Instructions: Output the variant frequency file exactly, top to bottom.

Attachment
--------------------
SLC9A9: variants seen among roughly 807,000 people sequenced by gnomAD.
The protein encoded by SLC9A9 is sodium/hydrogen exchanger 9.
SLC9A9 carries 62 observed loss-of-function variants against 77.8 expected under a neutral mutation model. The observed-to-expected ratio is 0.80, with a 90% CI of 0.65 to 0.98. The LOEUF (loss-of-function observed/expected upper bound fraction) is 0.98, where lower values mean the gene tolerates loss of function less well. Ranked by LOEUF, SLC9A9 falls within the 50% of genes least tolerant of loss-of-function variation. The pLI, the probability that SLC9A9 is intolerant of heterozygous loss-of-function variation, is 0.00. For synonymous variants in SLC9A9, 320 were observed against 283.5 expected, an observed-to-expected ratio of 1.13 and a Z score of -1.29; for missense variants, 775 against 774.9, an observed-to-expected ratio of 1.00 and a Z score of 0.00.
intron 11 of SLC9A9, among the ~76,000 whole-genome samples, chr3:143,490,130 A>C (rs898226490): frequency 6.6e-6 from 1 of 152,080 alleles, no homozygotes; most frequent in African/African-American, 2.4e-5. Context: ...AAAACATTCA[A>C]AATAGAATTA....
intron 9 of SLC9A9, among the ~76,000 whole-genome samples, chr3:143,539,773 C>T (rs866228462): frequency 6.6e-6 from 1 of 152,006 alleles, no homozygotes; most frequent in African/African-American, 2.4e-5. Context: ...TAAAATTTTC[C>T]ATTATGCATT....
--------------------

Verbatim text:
SLC9A9: variants seen among roughly 807,000 people sequenced by gnomAD.
The protein encoded by SLC9A9 is sodium/hydrogen exchanger 9.
SLC9A9 carries 62 observed loss-of-function variants against 77.8 expected under a neutral mutation model. The observed-to-expected ratio is 0.80, with a 90% CI of 0.65 to 0.98. The LOEUF (loss-of-function observed/expected upper bound fraction) is 0.98, where lower values mean the gene tolerates loss of function less well. Ranked by LOEUF, SLC9A9 falls within the 50% of genes least tolerant of loss-of-function variation. The pLI, the probability that SLC9A9 is intolerant of heterozygous loss-of-function variation, is 0.00. For synonymous variants in SLC9A9, 320 were observed against 283.5 expected, an observed-to-expected ratio of 1.13 and a Z score of -1.29; for missense variants, 775 against 774.9, an observed-to-expected ratio of 1.00 and a Z score of 0.00.
intron 11 of SLC9A9, among the ~76,000 whole-genome samples, chr3:143,490,130 A>C (rs898226490): frequency 6.6e-6 from 1 of 152,080 alleles, no homozygotes; most frequent in African/African-American, 2.4e-5. Context: ...AAAACATTCA[A>C]AATAGAATTA....
intron 9 of SLC9A9, among the ~76,000 whole-genome samples, chr3:143,539,773 C>T (rs866228462): frequency 6.6e-6 from 1 of 152,006 alleles, no homozygotes; most frequent in African/African-American, 2.4e-5. Context: ...TAAAATTTTC[C>T]ATTATGCATT....